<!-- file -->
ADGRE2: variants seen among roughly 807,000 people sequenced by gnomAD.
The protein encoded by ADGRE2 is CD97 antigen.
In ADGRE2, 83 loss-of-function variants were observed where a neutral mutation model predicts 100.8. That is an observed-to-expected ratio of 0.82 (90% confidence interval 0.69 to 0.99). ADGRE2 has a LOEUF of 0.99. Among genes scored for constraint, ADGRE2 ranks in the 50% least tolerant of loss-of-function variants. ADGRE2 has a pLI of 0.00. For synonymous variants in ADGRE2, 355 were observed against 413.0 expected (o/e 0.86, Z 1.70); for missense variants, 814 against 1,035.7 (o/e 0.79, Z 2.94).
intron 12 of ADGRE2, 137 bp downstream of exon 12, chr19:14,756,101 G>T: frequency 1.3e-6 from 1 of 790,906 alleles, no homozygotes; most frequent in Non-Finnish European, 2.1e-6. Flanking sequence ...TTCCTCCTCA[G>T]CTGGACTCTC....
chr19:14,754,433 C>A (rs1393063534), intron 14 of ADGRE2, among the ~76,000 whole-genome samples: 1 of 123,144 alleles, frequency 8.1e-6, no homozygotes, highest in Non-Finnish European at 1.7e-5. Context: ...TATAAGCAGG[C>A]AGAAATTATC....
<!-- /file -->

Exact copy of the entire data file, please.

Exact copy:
ADGRE2: variants seen among roughly 807,000 people sequenced by gnomAD.
The protein encoded by ADGRE2 is CD97 antigen.
In ADGRE2, 83 loss-of-function variants were observed where a neutral mutation model predicts 100.8. That is an observed-to-expected ratio of 0.82 (90% confidence interval 0.69 to 0.99). ADGRE2 has a LOEUF of 0.99. Among genes scored for constraint, ADGRE2 ranks in the 50% least tolerant of loss-of-function variants. ADGRE2 has a pLI of 0.00. For synonymous variants in ADGRE2, 355 were observed against 413.0 expected (o/e 0.86, Z 1.70); for missense variants, 814 against 1,035.7 (o/e 0.79, Z 2.94).
intron 12 of ADGRE2, 137 bp downstream of exon 12, chr19:14,756,101 G>T: frequency 1.3e-6 from 1 of 790,906 alleles, no homozygotes; most frequent in Non-Finnish European, 2.1e-6. Flanking sequence ...TTCCTCCTCA[G>T]CTGGACTCTC....
chr19:14,754,433 C>A (rs1393063534), intron 14 of ADGRE2, among the ~76,000 whole-genome samples: 1 of 123,144 alleles, frequency 8.1e-6, no homozygotes, highest in Non-Finnish European at 1.7e-5. Context: ...TATAAGCAGG[C>A]AGAAATTATC....